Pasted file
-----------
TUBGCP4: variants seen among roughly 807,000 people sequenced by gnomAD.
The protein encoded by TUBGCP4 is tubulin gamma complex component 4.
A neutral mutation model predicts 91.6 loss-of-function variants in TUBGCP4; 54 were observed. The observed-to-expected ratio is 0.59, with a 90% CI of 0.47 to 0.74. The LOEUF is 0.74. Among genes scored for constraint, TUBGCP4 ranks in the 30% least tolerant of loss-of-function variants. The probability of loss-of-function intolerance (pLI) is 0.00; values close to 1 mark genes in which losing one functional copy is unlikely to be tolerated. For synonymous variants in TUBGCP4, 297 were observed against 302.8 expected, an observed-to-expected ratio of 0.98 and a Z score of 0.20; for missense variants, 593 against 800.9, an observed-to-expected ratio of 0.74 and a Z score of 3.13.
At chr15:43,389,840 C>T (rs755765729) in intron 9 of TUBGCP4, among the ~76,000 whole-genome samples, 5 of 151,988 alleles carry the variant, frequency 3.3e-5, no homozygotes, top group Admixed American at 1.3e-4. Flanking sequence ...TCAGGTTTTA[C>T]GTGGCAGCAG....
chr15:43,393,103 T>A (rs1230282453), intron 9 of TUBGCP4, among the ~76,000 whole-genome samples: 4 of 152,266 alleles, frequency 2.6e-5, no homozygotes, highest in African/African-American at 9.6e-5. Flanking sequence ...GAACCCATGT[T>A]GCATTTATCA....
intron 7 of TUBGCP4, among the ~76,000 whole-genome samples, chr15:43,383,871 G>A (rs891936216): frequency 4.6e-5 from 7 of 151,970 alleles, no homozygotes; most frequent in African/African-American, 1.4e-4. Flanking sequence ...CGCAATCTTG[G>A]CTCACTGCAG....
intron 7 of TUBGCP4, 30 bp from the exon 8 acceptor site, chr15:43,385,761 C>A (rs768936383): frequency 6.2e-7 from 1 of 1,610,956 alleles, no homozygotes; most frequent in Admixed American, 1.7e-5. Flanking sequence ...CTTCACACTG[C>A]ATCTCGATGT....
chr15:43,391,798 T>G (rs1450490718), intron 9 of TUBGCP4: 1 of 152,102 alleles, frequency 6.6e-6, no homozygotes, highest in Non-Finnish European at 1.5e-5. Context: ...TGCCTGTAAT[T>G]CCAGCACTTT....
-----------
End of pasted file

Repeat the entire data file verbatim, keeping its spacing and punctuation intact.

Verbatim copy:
TUBGCP4: variants seen among roughly 807,000 people sequenced by gnomAD.
The protein encoded by TUBGCP4 is tubulin gamma complex component 4.
A neutral mutation model predicts 91.6 loss-of-function variants in TUBGCP4; 54 were observed. The observed-to-expected ratio is 0.59, with a 90% CI of 0.47 to 0.74. The LOEUF is 0.74. Among genes scored for constraint, TUBGCP4 ranks in the 30% least tolerant of loss-of-function variants. The probability of loss-of-function intolerance (pLI) is 0.00; values close to 1 mark genes in which losing one functional copy is unlikely to be tolerated. For synonymous variants in TUBGCP4, 297 were observed against 302.8 expected, an observed-to-expected ratio of 0.98 and a Z score of 0.20; for missense variants, 593 against 800.9, an observed-to-expected ratio of 0.74 and a Z score of 3.13.
At chr15:43,389,840 C>T (rs755765729) in intron 9 of TUBGCP4, among the ~76,000 whole-genome samples, 5 of 151,988 alleles carry the variant, frequency 3.3e-5, no homozygotes, top group Admixed American at 1.3e-4. Flanking sequence ...TCAGGTTTTA[C>T]GTGGCAGCAG....
chr15:43,393,103 T>A (rs1230282453), intron 9 of TUBGCP4, among the ~76,000 whole-genome samples: 4 of 152,266 alleles, frequency 2.6e-5, no homozygotes, highest in African/African-American at 9.6e-5. Flanking sequence ...GAACCCATGT[T>A]GCATTTATCA....
intron 7 of TUBGCP4, among the ~76,000 whole-genome samples, chr15:43,383,871 G>A (rs891936216): frequency 4.6e-5 from 7 of 151,970 alleles, no homozygotes; most frequent in African/African-American, 1.4e-4. Flanking sequence ...CGCAATCTTG[G>A]CTCACTGCAG....
intron 7 of TUBGCP4, 30 bp from the exon 8 acceptor site, chr15:43,385,761 C>A (rs768936383): frequency 6.2e-7 from 1 of 1,610,956 alleles, no homozygotes; most frequent in Admixed American, 1.7e-5. Flanking sequence ...CTTCACACTG[C>A]ATCTCGATGT....
chr15:43,391,798 T>G (rs1450490718), intron 9 of TUBGCP4: 1 of 152,102 alleles, frequency 6.6e-6, no homozygotes, highest in Non-Finnish European at 1.5e-5. Context: ...TGCCTGTAAT[T>G]CCAGCACTTT....